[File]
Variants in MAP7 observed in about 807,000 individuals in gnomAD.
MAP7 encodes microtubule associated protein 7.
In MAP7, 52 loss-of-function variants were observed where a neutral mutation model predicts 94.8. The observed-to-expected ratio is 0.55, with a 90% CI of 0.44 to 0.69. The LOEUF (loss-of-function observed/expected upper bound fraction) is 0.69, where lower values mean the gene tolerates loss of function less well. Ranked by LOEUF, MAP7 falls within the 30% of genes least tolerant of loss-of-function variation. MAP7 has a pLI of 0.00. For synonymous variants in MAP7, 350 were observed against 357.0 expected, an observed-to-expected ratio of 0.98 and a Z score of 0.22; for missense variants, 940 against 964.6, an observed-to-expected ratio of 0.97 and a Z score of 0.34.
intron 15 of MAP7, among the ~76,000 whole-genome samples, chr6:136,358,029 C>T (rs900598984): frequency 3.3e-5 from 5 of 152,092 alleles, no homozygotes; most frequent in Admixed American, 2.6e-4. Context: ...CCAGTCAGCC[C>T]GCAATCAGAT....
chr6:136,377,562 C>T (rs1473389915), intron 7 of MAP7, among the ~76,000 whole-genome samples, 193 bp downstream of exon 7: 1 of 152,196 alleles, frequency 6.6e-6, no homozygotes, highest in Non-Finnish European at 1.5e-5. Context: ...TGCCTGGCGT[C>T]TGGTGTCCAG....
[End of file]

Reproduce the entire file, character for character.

Variants in MAP7 observed in about 807,000 individuals in gnomAD.
MAP7 encodes microtubule associated protein 7.
In MAP7, 52 loss-of-function variants were observed where a neutral mutation model predicts 94.8. The observed-to-expected ratio is 0.55, with a 90% CI of 0.44 to 0.69. The LOEUF (loss-of-function observed/expected upper bound fraction) is 0.69, where lower values mean the gene tolerates loss of function less well. Ranked by LOEUF, MAP7 falls within the 30% of genes least tolerant of loss-of-function variation. MAP7 has a pLI of 0.00. For synonymous variants in MAP7, 350 were observed against 357.0 expected, an observed-to-expected ratio of 0.98 and a Z score of 0.22; for missense variants, 940 against 964.6, an observed-to-expected ratio of 0.97 and a Z score of 0.34.
intron 15 of MAP7, among the ~76,000 whole-genome samples, chr6:136,358,029 C>T (rs900598984): frequency 3.3e-5 from 5 of 152,092 alleles, no homozygotes; most frequent in Admixed American, 2.6e-4. Context: ...CCAGTCAGCC[C>T]GCAATCAGAT....
chr6:136,377,562 C>T (rs1473389915), intron 7 of MAP7, among the ~76,000 whole-genome samples, 193 bp downstream of exon 7: 1 of 152,196 alleles, frequency 6.6e-6, no homozygotes, highest in Non-Finnish European at 1.5e-5. Context: ...TGCCTGGCGT[C>T]TGGTGTCCAG....